Tuesday, October 01, 2013

Punish the Learner

For those who've been keeping up with Project Ukulele, I found a nice local group that has a uke playalong meetup every 1st and 3rd Monday. We meet in a small coffeehouse that hosts small concerts so there's something of a 'stage' up front.  In months that have a 5th Monday -- like September 2013 -- there's an open mic meeting. People come prepared to perform a song or 2,  and with the smaller group that shows up it's a fun time to share and learn some new songs. 

Last night as we were winding down, and after a good deal of nudging from the man next to her, a woman named Vivian got up on stage. She's been playing for 2 1/2 weeks. Weeks. Before she began she said:

"I took piano lessons for a year when I was six. The night of my recital I walked out on stage in my beautiful blue satin gown my grandmother made for the occasion. We weren't allowed to have music; we were expected to play our pieces by heart. I sat down on the bench and started to play and then -- I couldn't remember what came next. I just froze. And I hung my head. And I remember now how it felt when I looked down and saw big teardrops falling down onto my beautiful new satin dress. I haven't touched an instrument since then."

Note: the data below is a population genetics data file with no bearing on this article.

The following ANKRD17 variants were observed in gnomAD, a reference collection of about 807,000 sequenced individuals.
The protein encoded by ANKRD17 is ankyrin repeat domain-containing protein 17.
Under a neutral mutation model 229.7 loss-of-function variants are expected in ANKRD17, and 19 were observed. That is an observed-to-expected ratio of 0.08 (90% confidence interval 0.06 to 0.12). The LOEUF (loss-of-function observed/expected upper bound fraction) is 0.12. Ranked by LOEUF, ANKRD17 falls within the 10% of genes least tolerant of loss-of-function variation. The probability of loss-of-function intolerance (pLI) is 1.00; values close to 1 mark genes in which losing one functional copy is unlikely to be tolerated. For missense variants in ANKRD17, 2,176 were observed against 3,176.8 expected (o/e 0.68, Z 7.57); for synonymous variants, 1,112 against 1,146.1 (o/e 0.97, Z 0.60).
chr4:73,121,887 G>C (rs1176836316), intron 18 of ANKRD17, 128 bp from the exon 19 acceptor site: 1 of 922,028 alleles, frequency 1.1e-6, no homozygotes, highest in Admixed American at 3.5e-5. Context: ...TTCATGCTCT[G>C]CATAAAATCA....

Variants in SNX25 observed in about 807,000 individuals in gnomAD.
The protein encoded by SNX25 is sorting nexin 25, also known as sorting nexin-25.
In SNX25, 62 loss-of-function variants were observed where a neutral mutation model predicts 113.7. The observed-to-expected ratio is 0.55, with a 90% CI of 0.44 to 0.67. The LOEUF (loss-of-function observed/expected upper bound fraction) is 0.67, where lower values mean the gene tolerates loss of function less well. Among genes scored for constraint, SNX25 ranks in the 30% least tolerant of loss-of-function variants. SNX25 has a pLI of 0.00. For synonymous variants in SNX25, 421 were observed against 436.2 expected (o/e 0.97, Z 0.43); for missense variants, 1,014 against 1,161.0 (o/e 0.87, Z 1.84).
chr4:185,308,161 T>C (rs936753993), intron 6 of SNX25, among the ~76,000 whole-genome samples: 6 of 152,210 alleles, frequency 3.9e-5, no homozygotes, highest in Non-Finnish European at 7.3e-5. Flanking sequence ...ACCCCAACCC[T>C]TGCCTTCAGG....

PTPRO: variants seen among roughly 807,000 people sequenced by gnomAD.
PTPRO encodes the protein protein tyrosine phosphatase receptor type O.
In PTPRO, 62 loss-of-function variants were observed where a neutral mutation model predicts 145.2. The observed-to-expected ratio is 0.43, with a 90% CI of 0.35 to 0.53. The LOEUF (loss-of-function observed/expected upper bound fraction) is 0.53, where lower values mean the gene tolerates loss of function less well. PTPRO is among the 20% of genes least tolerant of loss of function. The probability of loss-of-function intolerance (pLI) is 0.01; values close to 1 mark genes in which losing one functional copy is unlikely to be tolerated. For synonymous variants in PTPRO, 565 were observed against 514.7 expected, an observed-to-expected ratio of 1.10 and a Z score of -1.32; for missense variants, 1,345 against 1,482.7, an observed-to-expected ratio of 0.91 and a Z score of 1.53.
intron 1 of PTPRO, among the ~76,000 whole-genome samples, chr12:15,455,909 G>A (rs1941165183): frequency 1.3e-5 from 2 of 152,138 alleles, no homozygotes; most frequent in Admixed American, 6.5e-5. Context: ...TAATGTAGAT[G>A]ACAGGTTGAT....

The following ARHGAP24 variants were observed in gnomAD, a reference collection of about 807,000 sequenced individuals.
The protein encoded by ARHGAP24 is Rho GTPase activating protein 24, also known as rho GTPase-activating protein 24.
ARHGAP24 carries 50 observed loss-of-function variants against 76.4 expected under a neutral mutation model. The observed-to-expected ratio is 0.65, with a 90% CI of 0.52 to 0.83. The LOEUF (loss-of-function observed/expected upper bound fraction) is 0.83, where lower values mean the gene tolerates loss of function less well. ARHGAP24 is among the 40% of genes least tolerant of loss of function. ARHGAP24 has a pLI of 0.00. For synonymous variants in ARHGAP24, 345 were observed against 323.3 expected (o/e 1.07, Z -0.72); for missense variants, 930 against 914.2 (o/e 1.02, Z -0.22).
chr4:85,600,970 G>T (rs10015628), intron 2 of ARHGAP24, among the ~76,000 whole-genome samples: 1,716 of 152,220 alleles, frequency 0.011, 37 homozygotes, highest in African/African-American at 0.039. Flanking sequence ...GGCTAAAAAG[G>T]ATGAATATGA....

She put some printed music on a stand, then played and sang a lovely rendition of Leonard Cohen's "Hallelujah". 

In my work I run into a lot of "blame the learner" mentality: "They can't use the technology, and they don't want to learn, and they don't care, and no matter how many times we go over it they go back to work and do it wrong."  And I recently read -- really --  "There are no learning problems in corporate settings. There are only people unwilling to learn." 

I promise you no one wanted to learn more than 6 year old Vivian. But put a good performer in a bad system and the system will win every time. 

Let's talk about Vivian. She was 6 years old and:
Was expected to perform.
Before she was ready.
In an unnatural setting.

In public.
With "bosses" watching.
By memory.
Without a job aid. 

I suppose you get my point. 

Last  night Vivian was ready to try again. It wasn't quite this, but it wasn't bad at all. And it only took her 56 years.